supervisor support, or correct information on the job)
•Instrumentality is the belief that if you perform well
that a valued outcome will be received i.e. if I do a
good job, there is something in it for me. This is
affected by such things as:
•Clear understanding of the relationship between
performance and outcomes — e.g. the rules of the
reward ‗game‘ .
•Trust in the people who will take the decisions on
who gets what outcome
•Transparency of the process that decides who gets
•Valence is the importance that the individual
places upon the expected outcome.
Motivation (M), expectancy (E), instrumentality (I), and
valence (V) are related to one another in a multiplicative
• If either E, I, or V is low, motivation will be low.
PORTER AND LAWLER THEORY
Lyman W Porter and Edward E. Lawler
developed a more complete version of motivation
depending upon expectancy theory.
This model is more comprehensive as it includes
This is a multivariate model which explain the
relationship that exists between job attitudes and
The assumptions are:
Individual behaviour is determined by a
Individuals are considered to be rationale people
who make conscious and logical decisions about
their behaviour when they interact with other
people in the organization.
Every individual have different needs ,desires and
their goals are of varied nature.
On the basis of their expectations, individuals
decide between alternate behaviours. The
outcome of the efforts is related to the pattern of
behaviours an individual display.
ADAM’S EQUITY THEORY
Developed by J. Stacy Adams.
When people believe that they have been treated
unfairly in comparison to others, they try to eliminate
the discomfort and restore a perceived sense of equity
to the situation.
People respond to perceived negative inequity
MANAGERIAL IMPLICATIONS OF
Underpaid people experience anger.
Overpaid people experience guilt.
Perceptions of rewards determine motivational
Negative consequences of equity comparisons should
be minimized, if not eliminated.
Do not underestimate the impact of pay as a source of
equity controversies in the workplace.
LOCKE’S GOAL SETTING THEORY
Developed by Edwin Locke.
Properly set and well-managed task goals can be
Motivational effects of task goals:
provide direction to people in their work.
Clarify performance expectations.
Establish a frame of reference for feedback.
Provide a foundation for behavioural selfmanagement.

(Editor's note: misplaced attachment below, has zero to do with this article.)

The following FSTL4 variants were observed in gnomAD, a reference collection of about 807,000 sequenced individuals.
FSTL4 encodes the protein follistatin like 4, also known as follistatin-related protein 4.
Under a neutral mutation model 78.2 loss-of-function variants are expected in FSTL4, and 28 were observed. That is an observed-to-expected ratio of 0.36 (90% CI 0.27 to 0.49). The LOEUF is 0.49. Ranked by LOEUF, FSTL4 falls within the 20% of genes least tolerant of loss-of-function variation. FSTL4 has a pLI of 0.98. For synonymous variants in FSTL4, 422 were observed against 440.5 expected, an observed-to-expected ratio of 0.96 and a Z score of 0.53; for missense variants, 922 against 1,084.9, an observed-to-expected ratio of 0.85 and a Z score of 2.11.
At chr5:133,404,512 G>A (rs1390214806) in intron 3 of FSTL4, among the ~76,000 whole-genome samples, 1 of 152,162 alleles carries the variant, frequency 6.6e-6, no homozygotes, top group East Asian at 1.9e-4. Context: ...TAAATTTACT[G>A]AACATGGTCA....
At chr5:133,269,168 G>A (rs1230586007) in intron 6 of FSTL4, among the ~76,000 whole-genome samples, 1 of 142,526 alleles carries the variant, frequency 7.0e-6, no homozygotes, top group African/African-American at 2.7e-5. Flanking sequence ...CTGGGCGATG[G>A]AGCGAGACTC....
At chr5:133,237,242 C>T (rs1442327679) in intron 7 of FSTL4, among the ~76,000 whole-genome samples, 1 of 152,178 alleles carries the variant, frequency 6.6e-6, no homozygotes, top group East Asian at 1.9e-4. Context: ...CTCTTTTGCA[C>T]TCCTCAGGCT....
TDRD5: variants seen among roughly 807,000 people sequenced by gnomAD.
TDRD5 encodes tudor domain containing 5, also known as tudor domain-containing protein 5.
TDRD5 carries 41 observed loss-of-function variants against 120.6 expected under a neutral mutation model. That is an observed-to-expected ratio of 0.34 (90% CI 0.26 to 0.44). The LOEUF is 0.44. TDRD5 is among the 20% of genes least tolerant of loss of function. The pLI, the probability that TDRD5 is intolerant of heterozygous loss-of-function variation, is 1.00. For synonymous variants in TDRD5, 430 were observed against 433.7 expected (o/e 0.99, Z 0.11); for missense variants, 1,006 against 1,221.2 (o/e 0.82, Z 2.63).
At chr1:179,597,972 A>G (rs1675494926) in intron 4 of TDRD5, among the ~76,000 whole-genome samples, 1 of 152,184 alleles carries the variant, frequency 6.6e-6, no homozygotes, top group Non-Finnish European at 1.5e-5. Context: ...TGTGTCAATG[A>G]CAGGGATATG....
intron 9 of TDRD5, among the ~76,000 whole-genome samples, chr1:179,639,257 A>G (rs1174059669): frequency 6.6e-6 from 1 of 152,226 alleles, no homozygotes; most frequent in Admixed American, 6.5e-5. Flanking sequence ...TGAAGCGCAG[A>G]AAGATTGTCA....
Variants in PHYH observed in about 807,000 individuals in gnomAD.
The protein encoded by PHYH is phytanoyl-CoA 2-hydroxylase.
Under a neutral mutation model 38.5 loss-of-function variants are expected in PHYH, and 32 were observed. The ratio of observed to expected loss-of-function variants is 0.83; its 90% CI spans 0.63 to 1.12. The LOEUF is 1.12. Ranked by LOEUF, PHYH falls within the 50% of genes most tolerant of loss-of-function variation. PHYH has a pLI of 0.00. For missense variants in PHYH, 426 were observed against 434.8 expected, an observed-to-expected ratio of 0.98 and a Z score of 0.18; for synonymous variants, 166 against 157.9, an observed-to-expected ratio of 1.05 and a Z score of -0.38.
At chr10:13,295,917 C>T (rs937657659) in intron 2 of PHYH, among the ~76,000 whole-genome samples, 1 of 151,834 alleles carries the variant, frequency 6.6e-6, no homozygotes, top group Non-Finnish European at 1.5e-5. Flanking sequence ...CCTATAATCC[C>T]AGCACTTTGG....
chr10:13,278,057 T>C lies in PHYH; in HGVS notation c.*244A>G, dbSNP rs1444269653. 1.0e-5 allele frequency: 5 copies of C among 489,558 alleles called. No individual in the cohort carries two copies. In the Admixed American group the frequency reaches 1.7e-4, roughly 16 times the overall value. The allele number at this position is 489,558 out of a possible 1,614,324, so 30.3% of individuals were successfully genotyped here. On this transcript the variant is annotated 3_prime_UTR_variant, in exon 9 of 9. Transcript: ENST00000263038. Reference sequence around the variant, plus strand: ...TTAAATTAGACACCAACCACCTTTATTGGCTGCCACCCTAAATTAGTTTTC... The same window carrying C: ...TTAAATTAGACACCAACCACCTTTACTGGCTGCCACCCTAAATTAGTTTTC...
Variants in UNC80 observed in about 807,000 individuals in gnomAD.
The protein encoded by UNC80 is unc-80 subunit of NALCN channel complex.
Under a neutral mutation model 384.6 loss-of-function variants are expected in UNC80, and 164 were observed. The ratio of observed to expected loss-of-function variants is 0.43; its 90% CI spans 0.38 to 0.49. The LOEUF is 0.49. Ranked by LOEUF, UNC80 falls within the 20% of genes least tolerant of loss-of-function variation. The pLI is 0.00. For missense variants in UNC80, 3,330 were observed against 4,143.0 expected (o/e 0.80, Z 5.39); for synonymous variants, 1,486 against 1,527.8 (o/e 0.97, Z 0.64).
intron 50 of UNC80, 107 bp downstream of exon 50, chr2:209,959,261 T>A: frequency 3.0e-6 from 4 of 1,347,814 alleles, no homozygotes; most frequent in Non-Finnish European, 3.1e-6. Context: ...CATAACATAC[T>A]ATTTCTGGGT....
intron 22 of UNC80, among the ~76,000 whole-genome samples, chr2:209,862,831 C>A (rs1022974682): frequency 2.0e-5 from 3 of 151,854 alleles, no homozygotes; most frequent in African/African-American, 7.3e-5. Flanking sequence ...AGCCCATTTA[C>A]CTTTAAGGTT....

Key issues and principles in the
Set specific goals.
Set challenging goals.
Build goal acceptance and commitment.
Clarify goal priorities.
Provide feedback on goal accomplishment.
Reward goal accomplishment.
– The administration of a consequence as a result of
– Proper management of reinforcement can change
the direction, level, and persistence of an
Law of effect.
– Theoretical basis for manipulating consequences
– Behavior that results in a pleasant outcome is
likely to be repeated while behavior that results in
an unpleasant outcome is not likely to be repeated.
Organizational behavior modification (OB
– The systematic reinforcement of desirable work
behavior and the non reinforcement or punishment of
unwanted work behavior.
– Uses four basic strategies:
– The administration of positive consequences to
increase the likelihood of repeating the desired
behavior in similar settings.
– Rewards are not necessarily positive reinforcers.
– A reward is a positive reinforcer only if the
– Continuous reinforcement.
• Administers a reward each time the desired
– Intermittent reinforcement.
• Rewards behavior periodically — either on the
basis of time elapsed or the number of desired
– Also known as avoidance.
– The withdrawal of negative consequences to
increase the likelihood of repeating the desired
behavior in a similar setting.
– The administration of negative consequences or
the withdrawal of positive consequences to reduce
the likelihood of repeating the behavior in similar
– The withdrawal of the reinforcing consequences
for a given behavior.